I'm currently reading my third issue of the English-language Moscow Times, each one a few days apart. And I love it so far.
The paper publishes articles by both foreigners and Russian writers. It includes both pieces from other sources, such as the Associated Press, and original content.
The paper appears to be unaffiliated with Russia's government, as it does not shy away from discussing and reporting on things that are not flattering to Russia or to its government.
For example, I am now in the middle of an opinion piece ("Why Autocracies Need State-Run Media") co-authored by someone from George Washington University's School of International Affairs and by another writer at the National Endowment for Democracy (neither of whom have Russian-sounding names) and that so far has been discussing authoritarian regimes and their ability to continue using media effectively to stay in power. In the piece, they refer to Russia's government as an "undemocratic government." (The article was adapted from one published in the "Journal of Democracy.")
Another article I read in the same issue is another opinion piece on the ruble and what method Russia's Central Bank should use to handle changes in the ruble's exchange rate. The author is a columnist, a professor, and also an official at the Higher School of Economics in Moscow.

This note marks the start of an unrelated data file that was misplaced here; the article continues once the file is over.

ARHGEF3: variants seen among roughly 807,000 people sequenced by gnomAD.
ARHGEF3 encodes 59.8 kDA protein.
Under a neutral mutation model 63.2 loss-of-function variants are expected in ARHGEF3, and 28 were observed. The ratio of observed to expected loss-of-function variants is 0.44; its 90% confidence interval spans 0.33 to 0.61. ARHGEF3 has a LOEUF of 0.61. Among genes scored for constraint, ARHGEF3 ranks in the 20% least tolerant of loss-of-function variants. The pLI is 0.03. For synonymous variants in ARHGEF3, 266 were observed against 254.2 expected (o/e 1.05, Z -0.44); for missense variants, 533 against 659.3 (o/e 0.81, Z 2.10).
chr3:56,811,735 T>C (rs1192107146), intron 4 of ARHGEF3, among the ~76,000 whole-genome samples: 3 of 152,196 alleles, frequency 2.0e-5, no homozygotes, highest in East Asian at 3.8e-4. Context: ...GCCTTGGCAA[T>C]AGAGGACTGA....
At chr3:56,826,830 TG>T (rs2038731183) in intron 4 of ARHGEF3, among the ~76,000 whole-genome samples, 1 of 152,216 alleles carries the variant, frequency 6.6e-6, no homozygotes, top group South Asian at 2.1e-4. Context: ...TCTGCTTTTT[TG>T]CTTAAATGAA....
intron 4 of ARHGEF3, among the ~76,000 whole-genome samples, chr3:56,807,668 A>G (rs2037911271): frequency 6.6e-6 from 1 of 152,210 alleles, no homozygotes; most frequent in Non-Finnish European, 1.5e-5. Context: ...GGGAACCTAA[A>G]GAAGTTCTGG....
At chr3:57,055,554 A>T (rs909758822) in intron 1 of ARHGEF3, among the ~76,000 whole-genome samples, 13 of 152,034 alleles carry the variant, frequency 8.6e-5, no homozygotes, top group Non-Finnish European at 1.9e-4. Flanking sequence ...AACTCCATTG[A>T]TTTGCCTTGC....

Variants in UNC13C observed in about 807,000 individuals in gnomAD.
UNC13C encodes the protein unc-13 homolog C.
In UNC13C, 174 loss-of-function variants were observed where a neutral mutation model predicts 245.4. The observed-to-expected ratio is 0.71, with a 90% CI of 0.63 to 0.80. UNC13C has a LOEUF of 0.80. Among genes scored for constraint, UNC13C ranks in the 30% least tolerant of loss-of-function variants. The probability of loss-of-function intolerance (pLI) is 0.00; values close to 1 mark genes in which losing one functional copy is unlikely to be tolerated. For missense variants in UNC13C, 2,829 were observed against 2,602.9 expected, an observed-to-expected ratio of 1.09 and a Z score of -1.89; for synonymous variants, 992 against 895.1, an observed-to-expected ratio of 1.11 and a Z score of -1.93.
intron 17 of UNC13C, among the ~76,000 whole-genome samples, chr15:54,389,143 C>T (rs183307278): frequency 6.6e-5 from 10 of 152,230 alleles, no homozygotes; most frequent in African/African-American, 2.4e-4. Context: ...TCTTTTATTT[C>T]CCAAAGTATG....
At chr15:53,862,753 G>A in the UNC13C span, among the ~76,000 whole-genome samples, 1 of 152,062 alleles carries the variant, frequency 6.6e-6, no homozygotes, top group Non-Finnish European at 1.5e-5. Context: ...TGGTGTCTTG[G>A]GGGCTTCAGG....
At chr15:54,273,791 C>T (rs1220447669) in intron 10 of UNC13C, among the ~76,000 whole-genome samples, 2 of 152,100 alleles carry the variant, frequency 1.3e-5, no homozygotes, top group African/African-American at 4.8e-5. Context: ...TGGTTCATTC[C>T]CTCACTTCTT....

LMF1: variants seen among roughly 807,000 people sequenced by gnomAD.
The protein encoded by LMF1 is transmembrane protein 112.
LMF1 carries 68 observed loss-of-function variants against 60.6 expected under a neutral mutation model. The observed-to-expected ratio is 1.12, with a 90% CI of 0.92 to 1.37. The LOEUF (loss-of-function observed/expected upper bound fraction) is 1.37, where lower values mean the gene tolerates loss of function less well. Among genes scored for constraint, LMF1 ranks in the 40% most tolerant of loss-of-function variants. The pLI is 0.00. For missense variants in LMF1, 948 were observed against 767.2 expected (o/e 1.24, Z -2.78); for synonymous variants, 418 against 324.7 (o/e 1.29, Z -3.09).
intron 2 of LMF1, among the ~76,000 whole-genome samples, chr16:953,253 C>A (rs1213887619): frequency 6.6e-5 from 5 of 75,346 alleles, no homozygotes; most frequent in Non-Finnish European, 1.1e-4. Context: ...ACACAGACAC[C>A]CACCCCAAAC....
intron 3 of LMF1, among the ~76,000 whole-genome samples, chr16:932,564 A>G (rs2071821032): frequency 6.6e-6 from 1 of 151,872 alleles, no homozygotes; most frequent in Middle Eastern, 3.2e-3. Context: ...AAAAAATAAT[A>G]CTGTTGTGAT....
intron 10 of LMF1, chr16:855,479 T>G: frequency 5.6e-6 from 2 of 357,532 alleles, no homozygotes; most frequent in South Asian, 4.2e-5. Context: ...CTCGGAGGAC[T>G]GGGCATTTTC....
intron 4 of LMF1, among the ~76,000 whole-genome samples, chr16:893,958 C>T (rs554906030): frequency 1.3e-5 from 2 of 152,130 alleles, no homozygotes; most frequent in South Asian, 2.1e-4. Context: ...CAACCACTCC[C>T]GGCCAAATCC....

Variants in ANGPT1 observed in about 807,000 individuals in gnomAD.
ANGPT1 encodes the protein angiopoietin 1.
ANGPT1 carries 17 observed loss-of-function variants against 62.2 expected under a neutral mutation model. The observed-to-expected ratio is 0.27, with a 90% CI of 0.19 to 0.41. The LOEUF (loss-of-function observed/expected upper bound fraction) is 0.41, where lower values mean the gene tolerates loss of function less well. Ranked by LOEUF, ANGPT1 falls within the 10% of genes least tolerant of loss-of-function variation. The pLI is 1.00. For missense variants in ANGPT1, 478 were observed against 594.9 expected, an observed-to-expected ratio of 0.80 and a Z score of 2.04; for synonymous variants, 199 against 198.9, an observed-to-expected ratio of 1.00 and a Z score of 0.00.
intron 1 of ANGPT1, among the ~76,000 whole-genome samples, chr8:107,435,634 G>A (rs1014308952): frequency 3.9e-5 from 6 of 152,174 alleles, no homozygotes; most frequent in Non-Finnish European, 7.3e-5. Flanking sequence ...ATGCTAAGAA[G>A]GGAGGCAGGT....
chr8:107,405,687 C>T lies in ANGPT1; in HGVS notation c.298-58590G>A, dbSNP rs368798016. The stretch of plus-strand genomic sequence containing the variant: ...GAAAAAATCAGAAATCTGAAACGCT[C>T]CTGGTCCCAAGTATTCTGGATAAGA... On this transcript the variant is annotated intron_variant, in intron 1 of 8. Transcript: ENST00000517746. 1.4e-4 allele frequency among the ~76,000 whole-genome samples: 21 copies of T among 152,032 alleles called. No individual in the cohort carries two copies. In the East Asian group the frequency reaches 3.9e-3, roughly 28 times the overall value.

The paper also, of course, prints plenty of straight news articles - not just an opinion section. For example, one article in the issue I'm reading now, when I'm writing this review, was written by the Moscow Times itself and reports on bloggers in Russia who have been facing violence and legal cases. Another article by the Moscow Times reports on the U.S.'s supposedly having tapped a former German Chancellor's phone more than 10 years ago. And another article in a previous issue I read reported on homeless people in Moscow.
Of course, currently, the paper is covering a lot of stuff related to the Olympics about to start in Sochi, too. And the issue I'm reading today also has an article headlined "Dog Rescuers Save Sochi Canines Condemned to Death."
Naturally, they are also reporting on the protests in Ukraine going on now in February 2014 and on related matters.
I also enjoy the section that rounds up what the day's Russian-language newspapers had said. The one in the issue in front of me is 2,471 words long (the word counts are given for each article). So it's long enough to satisfy. It's a series of many brief paragraphs that each tell a little bit about what some Russian publication has just discussed or reported on.
I've really been enjoying the Moscow Times, and I do recommend it based on the three issues I've been reading so far. I have no special knowledge of or previous experience with Russia. I'm no expert on it, and I've never even taken a Russian language class, either, but the Moscow Times makes for interesting reading.